Hamtramck is the backdrop for author’s first book

Tony Kordyban

By Alan Madeleine

Hamtramck as literary fodder?

Chicago-based writer and former Detroit native Tony Kordyban has a new book out. The title alone is worth the price: “The Loose Meat Sandwich King of Hamtramck.”

We reached Tony at his residence in the Chicago area this past week, and had to first ask – as many must do – about that wild title.

“A lot of people, when they first read it, ask ‘Loose what?’” said Kordyban. “They don’t know what it is. They’ve never (even) heard of Hamtramck.”

Kordyban’s description of the book paints it as a lighter-toned thriller with a lot going on. It has, he says, “high-school basketball, a love story, a street-gang war, a mail-order bride, a former stripper running for city council, and a minor skirmish between good and evil.”

Told that it sounded reminiscent of some of the more colorful writings of Michigander Elmore Leonard, or even Carl Hiaasen, Kordyban admitted to particularly liking Leonard’s stuff.

“I had a chance to meet him in college,” Kordyban said. “His stuff is fun to read, but at the same time it’s more serious, with all those dead people.”

Reminded that his book has a dead person in it too, he says, “Well, yes … but he’s already dead!”

Asked whether he solicited an opinion of the book for his book jacket from Mr. Leonard, Kordyban said that he might try to in the future, but hadn’t as yet asked.

“I’m just getting started on the marketing end,” he said.

It’s definitely a broadly painted palette. Is it, ah, based on anyone we would know?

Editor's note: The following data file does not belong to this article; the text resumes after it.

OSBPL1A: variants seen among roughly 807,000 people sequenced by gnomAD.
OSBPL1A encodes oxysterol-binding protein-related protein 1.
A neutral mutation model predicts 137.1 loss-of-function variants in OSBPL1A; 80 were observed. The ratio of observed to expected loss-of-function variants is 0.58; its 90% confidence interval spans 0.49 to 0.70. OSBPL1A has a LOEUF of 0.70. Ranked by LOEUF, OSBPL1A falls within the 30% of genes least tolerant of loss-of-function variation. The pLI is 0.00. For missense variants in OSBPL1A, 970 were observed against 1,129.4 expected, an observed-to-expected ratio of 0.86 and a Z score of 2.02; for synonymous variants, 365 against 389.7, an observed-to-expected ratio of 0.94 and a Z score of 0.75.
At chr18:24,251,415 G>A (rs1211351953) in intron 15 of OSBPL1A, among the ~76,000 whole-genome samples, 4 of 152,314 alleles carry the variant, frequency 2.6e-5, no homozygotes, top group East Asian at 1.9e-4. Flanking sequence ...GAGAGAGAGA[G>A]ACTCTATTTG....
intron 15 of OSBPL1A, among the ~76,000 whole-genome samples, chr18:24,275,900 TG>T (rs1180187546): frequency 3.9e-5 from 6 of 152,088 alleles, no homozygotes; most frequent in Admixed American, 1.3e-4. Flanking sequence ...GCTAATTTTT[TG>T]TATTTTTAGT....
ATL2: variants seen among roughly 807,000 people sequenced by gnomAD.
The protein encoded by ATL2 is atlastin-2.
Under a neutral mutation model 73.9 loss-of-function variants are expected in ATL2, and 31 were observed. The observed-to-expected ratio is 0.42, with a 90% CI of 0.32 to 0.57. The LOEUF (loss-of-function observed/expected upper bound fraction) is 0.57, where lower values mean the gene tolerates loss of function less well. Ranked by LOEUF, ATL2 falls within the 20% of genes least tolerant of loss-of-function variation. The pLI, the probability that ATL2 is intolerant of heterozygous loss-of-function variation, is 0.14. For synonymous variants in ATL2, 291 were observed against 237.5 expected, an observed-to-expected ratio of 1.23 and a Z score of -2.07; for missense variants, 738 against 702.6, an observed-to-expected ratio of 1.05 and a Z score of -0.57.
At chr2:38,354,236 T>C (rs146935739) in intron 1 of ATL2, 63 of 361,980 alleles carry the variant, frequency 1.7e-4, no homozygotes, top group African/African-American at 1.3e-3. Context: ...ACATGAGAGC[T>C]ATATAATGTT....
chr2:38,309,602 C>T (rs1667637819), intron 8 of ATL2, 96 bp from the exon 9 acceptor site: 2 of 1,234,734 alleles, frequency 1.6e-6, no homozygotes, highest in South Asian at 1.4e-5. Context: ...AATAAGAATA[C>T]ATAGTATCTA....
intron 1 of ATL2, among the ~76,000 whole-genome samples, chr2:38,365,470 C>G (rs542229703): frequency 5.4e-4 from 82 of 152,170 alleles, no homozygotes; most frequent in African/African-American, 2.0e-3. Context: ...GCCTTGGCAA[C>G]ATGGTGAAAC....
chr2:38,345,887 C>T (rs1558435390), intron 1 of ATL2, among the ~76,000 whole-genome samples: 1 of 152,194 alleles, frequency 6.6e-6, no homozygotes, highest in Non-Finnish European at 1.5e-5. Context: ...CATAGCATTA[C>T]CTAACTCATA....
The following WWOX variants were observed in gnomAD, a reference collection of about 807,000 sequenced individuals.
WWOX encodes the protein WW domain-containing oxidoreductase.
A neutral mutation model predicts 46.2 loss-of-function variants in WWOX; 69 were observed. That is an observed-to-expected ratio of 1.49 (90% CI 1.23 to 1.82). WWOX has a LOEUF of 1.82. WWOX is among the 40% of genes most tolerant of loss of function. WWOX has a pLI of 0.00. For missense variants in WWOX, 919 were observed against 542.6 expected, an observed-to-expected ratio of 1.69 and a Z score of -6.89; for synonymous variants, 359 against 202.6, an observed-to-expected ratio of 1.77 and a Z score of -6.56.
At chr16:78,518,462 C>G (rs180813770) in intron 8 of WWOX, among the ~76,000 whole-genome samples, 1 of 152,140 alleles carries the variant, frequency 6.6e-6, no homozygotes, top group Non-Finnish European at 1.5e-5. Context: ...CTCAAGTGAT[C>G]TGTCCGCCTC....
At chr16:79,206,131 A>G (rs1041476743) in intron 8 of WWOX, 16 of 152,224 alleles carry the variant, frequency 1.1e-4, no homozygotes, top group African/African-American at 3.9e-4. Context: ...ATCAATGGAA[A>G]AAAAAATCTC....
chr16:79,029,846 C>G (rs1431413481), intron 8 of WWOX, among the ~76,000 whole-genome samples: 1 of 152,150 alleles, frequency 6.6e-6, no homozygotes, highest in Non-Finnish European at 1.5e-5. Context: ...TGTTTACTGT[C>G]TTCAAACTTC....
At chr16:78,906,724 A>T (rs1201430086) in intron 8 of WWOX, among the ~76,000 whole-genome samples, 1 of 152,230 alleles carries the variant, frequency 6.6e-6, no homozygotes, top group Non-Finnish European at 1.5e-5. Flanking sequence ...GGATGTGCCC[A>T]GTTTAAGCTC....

“Well, I went to high school here, at the old Immaculate Conception, which I know is gone now,” he says, a bit wistfully. “Went to college in Detroit, too. It’s inspired by a lot of people I knew from here. In various combinations.”

Koryban left the area to relocate to Chicagoland in 1980, so he’s been gone for some time. Still, the area — Hamtramck in particular — stuck with him, as it seems to always do.

He’s a mechanical engineer by trade, who got his start writing a “humorous newsletter” for his co-workers, and ended up writing a couple of technical manuals for ASME Press, ASME being the mechanical engineers’ guild.

Two questions remained: Would there be a sequel?

And — had he ever actually had one of those loose burgers himself?

“Never actually eaten one,” he laughs. “I was aware of them from the signs I’d see around town.”

A shocking admission, indeed. Of course, people write about death, too, and they don’t etc.

As to the idea of a sequel featuring these same characters, Kordyban demurs. Sort of.

“Well, maybe. But the way it ends, there’s nothing else to say, really. I’ve told the whole story – as far as I know it.”

“Of course, if it was a big success…”

Tony’s book is available now at amazon.com

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